Unlike Isbell though, both artists go slightly off the rails by the end of their song cycles, giving in to the machine’s need for a “hit.” And in doing so they both keep what might have been a duo of timeless, universal records tied to a genre that both artists very clearly can, and should, rise above. That having been said, if you can push past the autotune and the straight-from-the-80’s “redneck” power chorus singing that ultimately takes control of these records, you’ll be rewarded by the work of two of the finest songwriters working in popular music today.

8. Kingsley Flood – Battles

The holy grail for most bands is to be able to match massive performances with equally massive songwriting chops. On Battles, Kingsley Flood took that idea and injected their already successful formula of bar brawl Americana with a double shot of adrenaline to produce one of the most satisfying records of the year to date. Grounded in singer Naseem Khuri’s explorations of what it takes to get by in today’s America, this mostly Boston based five piece (Khuri resides right here in the District) walks the razor’s edge of serious and seriously entertaining, and they do it all with an ease normally reserved for bands twice their age. Successfully bridging the gulf between folk, power pop and punk, Battles finds its power in its unflinching honesty and sincerity, regardless of the delivery method. This is a new Americana, and one that, if this release is any indication, is very quickly going to take over the world.

2013 Newport Folk Festival: Day One

All photos by Joy Asico (

On Friday afternoon, under a cloudy and drizzly sky, Kingsley Flood kicked off the Newport Folk Festival from the Fort Stage to a crowd that couldn't wait to get started. Almost as soon as the band began to play, the crowd began to dance along. "Sun's Gonna Let Me Shine," "Pick Your Battles," and "The Fire Inside" were a perfect antidote to the damp weather. It was the perfect way to begin a festival and created pretty high expectations for the rest of the weekend.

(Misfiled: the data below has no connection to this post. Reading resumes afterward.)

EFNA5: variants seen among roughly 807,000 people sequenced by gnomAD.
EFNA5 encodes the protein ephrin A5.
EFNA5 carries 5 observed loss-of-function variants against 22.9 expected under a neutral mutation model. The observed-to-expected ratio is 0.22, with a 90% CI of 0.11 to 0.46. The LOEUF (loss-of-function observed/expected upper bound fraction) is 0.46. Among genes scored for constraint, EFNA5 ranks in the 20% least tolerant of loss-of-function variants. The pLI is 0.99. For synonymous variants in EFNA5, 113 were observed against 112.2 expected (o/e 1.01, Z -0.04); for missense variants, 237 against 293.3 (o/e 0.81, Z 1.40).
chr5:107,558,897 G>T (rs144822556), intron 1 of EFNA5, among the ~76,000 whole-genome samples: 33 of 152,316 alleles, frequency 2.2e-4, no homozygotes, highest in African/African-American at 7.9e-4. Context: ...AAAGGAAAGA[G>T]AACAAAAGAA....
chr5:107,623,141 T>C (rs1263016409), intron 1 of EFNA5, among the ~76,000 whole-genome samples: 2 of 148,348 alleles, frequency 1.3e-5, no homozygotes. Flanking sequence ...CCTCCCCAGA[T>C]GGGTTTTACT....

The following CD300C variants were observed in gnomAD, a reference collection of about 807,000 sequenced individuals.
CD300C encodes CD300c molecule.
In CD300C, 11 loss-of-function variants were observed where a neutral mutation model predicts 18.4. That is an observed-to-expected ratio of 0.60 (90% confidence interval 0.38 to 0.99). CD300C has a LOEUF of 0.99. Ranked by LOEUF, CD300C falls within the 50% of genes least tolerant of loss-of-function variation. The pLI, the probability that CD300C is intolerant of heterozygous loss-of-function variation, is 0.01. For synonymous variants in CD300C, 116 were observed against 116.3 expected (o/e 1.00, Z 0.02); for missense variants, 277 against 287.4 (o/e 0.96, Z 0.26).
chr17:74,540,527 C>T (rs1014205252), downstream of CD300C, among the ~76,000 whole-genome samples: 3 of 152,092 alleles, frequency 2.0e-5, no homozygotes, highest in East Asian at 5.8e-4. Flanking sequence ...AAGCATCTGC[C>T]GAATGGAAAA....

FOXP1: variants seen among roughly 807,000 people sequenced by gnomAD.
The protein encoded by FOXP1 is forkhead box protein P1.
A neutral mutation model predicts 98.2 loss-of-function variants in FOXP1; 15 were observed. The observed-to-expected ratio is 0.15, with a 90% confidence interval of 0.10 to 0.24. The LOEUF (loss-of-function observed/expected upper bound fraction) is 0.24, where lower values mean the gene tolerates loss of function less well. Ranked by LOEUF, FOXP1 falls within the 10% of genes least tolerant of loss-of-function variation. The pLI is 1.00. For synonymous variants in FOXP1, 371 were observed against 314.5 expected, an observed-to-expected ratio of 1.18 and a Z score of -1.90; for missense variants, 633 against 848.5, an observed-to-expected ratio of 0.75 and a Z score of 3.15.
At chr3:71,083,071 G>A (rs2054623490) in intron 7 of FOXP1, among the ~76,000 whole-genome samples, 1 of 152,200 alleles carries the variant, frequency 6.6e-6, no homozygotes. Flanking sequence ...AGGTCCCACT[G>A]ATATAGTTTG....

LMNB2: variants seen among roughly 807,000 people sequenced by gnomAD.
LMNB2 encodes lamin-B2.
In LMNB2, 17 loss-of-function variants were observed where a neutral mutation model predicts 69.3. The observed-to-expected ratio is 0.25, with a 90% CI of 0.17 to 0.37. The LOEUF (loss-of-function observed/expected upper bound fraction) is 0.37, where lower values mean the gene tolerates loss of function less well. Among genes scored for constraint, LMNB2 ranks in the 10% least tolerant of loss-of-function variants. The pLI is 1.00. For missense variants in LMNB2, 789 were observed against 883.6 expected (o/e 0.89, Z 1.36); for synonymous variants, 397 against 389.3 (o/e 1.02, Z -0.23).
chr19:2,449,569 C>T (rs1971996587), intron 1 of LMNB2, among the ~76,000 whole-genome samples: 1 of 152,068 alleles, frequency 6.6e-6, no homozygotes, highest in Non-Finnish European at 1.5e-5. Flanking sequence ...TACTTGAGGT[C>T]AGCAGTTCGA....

The six-piece band hailing from Boston and Washington, DC, kept the momentum strong throughout the set, even while pausing to dedicate "Battles" to a friend, or ask if anyone liked country music, because "Devil's Arms" was a country song for people who don't like country. Lead singer Naseem Khuri and Jenée Morgan, on violin, saxophone and vocals and occasionally tambourine, were almost never still, radiating an energy from the stage that the crowd picked up on and echoed back. People put small children on their shoulders to dance in front of the stage. "I Don't Wanna Go Home" closed the set on a rowdy note, and a perfect sentiment for the rest of the festival day.

LIVE: David Wax Museum w/Kingsley Flood @ The 9:30 Club - 4/4/13

LIVE: David Wax Museum w/Kingsley Flood @ The 9:30 Club - 4/4/13

All photos by Joy Asico ( |

The slot of the opening band can be a weird space to occupy. Sometimes it’s filled by the headliner’s label mates, sometimes it’s their friends and sometimes, and perhaps more cynically, it’s a package put together by a PR firm to maximize ticket sales. However the pairing happens, the end result is usually a show that opens with a satisfying but obviously “greener” act that you may catch if you get there early enough, but one that fulfills their duty of warming up the crowd in fine fashion, albeit little consequence.  In the case of David Wax Museum’s latest stop through DC though it was clear that somewhere, someone gets it, because the pairing of the mexi-folk outfit from Rhode Island with up-and-comers Kingsley Flood proved to be a winning combo that played more like a high octane double bill than the average tour package that many have come to expect.